HunkGoofiness seems to be the most defining characteristic of much of the cast. Compared to his Defender of the Universe bonhomme counterpart, Coran is almost over-the-top with ridiculousness. This is strange when mixed with his otherwise traditionalist views and position as the show’s lore-keeper. Much of the team is prone to rib-poking too, particularly at the expensive of good-natured Hunk. There’s a few times when the humor risks being ill-placed, especially in the first episode. But the rest of the series tempers itself to know when to crack a smile and when to hold off.

But unlike the original series, showrunners Joaquim Dos Santos and Lauren Montgomery proved willing to build on both the heroes and villains, and found subtle ways to indicate a willingness to lose them as well. For the pilots, the two biggest changes have been Pidge and Shiro. The latter was given a great backstory with forward-moving motivation, while the former slowly unravels the mysteries of what happened to him during his abduction. Lance and Keith primarily provide rivalry and personalities this season, while Hunk becomes more personally involved in one mission the team undertakes. Even Voltron itself gets more of a backstory.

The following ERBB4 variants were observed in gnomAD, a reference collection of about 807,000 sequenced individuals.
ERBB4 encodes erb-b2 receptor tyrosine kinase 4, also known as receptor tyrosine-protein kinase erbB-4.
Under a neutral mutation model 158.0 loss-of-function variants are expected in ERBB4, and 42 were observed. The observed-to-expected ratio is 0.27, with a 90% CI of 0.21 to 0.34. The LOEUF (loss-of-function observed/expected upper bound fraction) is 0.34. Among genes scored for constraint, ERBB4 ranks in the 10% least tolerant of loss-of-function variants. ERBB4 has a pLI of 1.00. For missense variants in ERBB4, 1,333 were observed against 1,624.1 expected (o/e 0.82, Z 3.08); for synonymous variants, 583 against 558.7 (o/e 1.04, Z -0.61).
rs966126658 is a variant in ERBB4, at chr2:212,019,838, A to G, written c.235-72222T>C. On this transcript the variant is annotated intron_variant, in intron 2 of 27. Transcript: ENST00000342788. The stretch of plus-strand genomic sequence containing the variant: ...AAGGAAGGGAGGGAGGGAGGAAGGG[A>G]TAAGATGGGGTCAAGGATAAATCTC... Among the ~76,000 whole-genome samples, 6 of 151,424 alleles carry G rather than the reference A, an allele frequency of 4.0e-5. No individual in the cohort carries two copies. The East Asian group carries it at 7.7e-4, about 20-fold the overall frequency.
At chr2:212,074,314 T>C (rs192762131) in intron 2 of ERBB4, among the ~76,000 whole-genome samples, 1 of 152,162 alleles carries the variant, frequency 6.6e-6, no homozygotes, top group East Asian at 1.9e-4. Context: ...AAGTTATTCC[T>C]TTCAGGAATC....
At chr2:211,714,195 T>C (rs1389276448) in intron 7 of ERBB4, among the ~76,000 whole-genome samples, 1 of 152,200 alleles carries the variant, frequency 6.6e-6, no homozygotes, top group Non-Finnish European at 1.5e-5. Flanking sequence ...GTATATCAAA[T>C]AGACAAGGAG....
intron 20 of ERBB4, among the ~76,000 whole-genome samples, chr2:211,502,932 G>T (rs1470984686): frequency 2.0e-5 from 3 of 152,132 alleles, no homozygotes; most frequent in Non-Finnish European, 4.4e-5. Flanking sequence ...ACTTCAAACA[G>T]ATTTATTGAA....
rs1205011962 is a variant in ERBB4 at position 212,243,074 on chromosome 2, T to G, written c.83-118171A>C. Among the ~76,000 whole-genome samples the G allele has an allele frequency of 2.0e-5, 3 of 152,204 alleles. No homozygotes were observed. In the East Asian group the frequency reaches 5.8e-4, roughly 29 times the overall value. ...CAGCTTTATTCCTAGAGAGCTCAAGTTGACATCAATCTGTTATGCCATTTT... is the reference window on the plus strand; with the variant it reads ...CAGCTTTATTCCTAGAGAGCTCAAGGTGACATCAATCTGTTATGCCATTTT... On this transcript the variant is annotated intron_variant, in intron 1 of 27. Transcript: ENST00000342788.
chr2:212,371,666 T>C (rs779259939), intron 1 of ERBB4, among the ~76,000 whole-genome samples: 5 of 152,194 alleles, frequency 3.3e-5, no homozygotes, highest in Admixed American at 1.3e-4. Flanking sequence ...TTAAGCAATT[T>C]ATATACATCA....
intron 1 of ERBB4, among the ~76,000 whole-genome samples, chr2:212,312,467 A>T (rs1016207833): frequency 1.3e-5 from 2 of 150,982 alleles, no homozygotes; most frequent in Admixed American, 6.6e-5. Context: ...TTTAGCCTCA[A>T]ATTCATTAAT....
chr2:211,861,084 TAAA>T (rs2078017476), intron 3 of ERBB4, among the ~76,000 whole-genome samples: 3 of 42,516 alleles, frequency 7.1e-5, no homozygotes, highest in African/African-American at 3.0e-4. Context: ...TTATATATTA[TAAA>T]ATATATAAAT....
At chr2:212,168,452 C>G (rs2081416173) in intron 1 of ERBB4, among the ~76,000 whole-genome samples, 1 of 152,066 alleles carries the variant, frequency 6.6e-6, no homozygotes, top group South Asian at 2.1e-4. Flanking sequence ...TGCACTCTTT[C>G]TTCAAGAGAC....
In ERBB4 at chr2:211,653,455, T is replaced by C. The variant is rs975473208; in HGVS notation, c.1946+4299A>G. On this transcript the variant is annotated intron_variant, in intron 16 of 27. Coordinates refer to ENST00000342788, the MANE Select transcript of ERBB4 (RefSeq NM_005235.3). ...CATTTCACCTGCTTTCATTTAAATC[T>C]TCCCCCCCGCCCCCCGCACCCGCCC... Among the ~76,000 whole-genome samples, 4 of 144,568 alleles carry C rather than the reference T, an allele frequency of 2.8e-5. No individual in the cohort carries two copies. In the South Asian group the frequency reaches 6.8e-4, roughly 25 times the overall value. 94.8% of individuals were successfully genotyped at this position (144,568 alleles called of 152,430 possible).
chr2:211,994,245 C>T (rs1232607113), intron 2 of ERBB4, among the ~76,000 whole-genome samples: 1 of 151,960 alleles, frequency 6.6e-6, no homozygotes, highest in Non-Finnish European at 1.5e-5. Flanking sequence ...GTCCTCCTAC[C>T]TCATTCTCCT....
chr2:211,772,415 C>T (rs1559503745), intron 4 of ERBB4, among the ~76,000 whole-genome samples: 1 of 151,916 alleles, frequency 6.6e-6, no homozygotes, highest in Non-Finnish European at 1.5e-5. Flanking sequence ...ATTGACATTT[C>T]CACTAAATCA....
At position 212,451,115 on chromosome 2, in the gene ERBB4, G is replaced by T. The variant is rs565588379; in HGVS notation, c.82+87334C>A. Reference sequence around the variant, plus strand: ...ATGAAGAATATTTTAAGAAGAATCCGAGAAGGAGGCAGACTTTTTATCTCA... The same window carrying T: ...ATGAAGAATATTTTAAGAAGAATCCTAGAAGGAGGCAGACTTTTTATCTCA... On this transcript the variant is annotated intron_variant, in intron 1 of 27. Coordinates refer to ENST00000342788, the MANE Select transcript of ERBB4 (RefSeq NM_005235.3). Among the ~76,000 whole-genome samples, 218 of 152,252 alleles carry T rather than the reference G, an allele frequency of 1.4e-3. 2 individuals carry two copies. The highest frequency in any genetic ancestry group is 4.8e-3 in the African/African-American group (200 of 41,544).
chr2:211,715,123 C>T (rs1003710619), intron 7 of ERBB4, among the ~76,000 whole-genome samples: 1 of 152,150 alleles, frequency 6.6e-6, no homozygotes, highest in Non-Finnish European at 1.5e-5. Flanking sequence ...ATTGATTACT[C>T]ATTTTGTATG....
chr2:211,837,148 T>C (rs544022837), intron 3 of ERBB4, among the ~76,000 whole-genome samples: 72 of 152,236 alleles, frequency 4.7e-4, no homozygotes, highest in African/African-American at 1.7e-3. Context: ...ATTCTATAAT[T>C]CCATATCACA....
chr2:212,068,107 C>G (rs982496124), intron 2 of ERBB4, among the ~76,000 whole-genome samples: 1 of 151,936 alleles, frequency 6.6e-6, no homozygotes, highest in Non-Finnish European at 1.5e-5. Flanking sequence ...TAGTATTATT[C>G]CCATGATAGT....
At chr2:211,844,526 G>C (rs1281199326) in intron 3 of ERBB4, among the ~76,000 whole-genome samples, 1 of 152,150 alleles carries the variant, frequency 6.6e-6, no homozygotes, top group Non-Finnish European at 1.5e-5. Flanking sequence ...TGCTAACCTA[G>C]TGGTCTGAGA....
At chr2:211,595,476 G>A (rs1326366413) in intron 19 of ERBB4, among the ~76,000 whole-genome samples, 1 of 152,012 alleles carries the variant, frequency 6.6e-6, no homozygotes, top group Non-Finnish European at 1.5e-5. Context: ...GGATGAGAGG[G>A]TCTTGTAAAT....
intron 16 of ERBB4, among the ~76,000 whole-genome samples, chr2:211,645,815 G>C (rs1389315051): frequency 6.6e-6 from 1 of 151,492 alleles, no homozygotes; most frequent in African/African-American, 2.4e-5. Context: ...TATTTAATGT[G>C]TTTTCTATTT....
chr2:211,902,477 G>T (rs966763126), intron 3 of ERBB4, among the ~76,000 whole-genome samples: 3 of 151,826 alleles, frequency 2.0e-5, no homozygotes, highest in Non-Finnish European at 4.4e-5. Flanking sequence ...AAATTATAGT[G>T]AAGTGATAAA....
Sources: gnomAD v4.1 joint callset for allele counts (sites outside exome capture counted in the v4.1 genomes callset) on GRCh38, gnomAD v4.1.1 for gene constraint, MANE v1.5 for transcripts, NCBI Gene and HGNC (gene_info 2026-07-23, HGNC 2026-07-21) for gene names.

Then there are the villains. Except for a degree more litheness than the past, Space Witch Haggar is relatively untouched in role and menace. Her services to Emperor (a welcome promotion from “King”) Zarkon are the same; advising and creating new technologies and robeasts. For fear of spoilers, the changes to Zarkon himself will not be addressed. Still, these alterations exemplify the ethos of the show to rarely come out and say something. Rather, Voltron: Legendary Defender prefers to show the audience the pieces and allow the mystery to reveal itself on its own time in a rather organic manner.